Brands traditionally feature the rich, famous and beautiful in their ads to sprinkle a little stardust on their products – but research suggests consumers may relate to a more down-to-earth approach
Simon Fuller is hoping to bring the glamour of Formula 1 to a wider and younger audience and increase consumer interaction with the F1 brand (MW March 2).
A brand’s positioning and its expression in advertising are important marketing tools. But what position is it best to take? Do you position your brand as one that is glamorous or one that is for everyday people? Do you use a celebrity as the “face” of the brand, or take a more anonymous approach? What do consumers think of celebrity-fronted advertising and does it always work?
Unilever is pumping &£25m into brand extensions for its Dove beauty range this year (MW January 26) following the success of the brand’s Campaign for Real Beauty strategy, which captured consumers’ imaginations last year. VAR International looked at Lux and Dove, which have taken very different routes in their ad strategies, and assessed the impact on awareness and propensity to buy over a three-month period.
Lux is a long-established brand that has traditionally positioned itself as a luxury product. Its most recent advertising stayed true to that image, introducing a touch of Hollywood glamour in the form of Sex in the City star Sarah Jessica Parker. As an aspirational approach, can it fail?
Dove has undergone radical repositioning. Dove marketers took the bold, possibly even brave, step of moving away from traditional advertising messages of perfection and glamour, and instead picked ordinary, real life women to appear in their ads. The campaign uses women of all shapes, sizes and ages and has received many plaudits. But which campaign most struck a chord with consumers?
VAR developed a new method of observing opinions using modern key performance indicators (KPIs) and surveyed 3,000 adults. Four KPIs were chosen as representing the performance that marketers would regard as key to brand strength and that could be used to track performance. The KPIs are/ spontaneous brand awareness, advertising capital – perceived level of advertising by the brand (whether it is advertising or not), acceptance of the brand and the perceived availability of the brand (a guide to market presence).
For spontaneous awareness, Lux was a long way below Dove, but it showed a bigger increase in awareness over the three months of the study. Lux’s rating increased from 28% to 31% over the period. Dove’s increased from 67% to 69%.
What about women, the likely buyers of the products? How much do they believe the brands are advertising? This would reflect the impact of past advertising as well as current campaigns. Both brands’ perceived advertising capital increased over the survey period and in this measure, Dove was at a higher level (band high) of advertising capital among women. Lux progressed from band low to the bottom level of band high, from a score out of 10 of 4.95 to 5.26, .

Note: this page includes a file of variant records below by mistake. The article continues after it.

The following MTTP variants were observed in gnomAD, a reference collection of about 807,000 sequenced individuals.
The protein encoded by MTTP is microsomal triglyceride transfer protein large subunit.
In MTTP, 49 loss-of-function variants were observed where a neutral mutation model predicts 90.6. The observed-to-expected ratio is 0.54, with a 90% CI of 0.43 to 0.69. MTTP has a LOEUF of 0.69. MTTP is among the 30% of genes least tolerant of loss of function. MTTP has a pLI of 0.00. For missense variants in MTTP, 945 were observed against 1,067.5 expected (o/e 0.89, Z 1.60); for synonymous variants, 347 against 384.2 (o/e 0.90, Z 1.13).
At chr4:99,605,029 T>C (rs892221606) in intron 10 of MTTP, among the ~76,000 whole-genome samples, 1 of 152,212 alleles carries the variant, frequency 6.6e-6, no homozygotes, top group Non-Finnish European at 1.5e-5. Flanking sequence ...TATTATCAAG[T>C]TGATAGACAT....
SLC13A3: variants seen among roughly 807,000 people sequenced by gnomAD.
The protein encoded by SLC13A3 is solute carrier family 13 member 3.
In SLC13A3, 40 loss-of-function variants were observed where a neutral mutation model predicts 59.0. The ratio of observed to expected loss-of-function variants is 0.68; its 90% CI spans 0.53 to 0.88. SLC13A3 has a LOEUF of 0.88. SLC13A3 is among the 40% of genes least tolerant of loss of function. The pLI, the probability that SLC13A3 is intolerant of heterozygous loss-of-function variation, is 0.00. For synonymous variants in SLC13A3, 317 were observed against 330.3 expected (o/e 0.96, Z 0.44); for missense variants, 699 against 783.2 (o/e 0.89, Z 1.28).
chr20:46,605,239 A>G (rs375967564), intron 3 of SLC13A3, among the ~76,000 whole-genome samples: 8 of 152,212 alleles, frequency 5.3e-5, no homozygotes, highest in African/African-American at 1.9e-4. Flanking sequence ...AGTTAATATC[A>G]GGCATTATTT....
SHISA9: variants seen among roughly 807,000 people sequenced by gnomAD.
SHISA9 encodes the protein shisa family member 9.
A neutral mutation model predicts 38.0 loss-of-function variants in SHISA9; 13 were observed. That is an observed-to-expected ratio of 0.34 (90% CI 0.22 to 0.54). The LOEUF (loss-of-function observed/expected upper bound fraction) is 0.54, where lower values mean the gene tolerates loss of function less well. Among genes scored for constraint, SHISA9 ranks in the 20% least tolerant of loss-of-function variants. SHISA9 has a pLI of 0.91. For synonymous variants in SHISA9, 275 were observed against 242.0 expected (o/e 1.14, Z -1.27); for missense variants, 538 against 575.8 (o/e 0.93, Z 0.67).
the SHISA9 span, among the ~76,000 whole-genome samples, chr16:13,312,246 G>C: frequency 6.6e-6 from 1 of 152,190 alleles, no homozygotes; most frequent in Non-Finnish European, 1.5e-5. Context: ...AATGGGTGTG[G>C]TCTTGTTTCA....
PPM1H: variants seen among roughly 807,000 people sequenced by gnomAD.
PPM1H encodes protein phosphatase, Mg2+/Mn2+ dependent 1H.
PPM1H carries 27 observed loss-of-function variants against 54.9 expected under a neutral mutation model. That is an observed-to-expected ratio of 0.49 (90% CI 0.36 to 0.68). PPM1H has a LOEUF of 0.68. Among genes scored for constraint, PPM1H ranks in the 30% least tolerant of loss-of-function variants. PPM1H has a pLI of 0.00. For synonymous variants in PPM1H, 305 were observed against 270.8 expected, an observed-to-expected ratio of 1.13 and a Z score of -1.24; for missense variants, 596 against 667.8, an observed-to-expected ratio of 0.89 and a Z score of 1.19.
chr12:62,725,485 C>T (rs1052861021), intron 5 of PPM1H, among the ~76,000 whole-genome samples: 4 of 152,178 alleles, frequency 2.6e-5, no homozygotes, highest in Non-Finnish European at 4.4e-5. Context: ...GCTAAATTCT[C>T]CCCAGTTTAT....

Arguably, brand acceptance is the key area in which Dove was taking a gamble. If ordinary people did not take to its campaign, this KPI would show weakness. But the brand acceptance KPI shows Dove as being in the high band with an increased score that has almost reached the top box, jumping from 7.02 to 7.56 out of 10. Lux by contrast dropped out of band high into band low, dropping from 5.05 to 4.73 out of 10.
This indicator shows that the tactic of using real people to sell products to real people has been effective.
The final KPI measures how “easy to find” a product is, something that reflects the success of a brand in gaining measurable market presence in the minds of consumers. Dove sat in the top box over the three months and increased its score from 8.46 to 9.20 out of 10. Lux was band high and also increased its score from 7.19 to 7.51.
Advertising traditionally uses idealised examples of beautiful people and fantastical situations that link the brand to an image. Sometimes, consumers complain that the ideals are unattainable and such images are a bad influence. The findings of this survey support that. Despite the ubiquity of celebrity and our obsession with it, Dove’s approach of using ordinary people has beaten Lux hands down.
Marketers have been learning that peer-to-peer marketing, via the internet through reviews, blogs and community sites, is important and that it is necessary to strike up a two-way dialogue with consumers. The results of this survey show that peer-to- peer marketing does not have to be restricted to the Web.
Using real people as brand ambassadors is a hugely successful strategy for Unilever and its Dove brand. The current easyMobile campaign has adopted its tactics, with ads saying: “For some networks it’s all celebrities and glamour. We prefer Barry and 5p texts.” Should it be a strategy that more brands consider? Could the cult of celebrity be on the wane?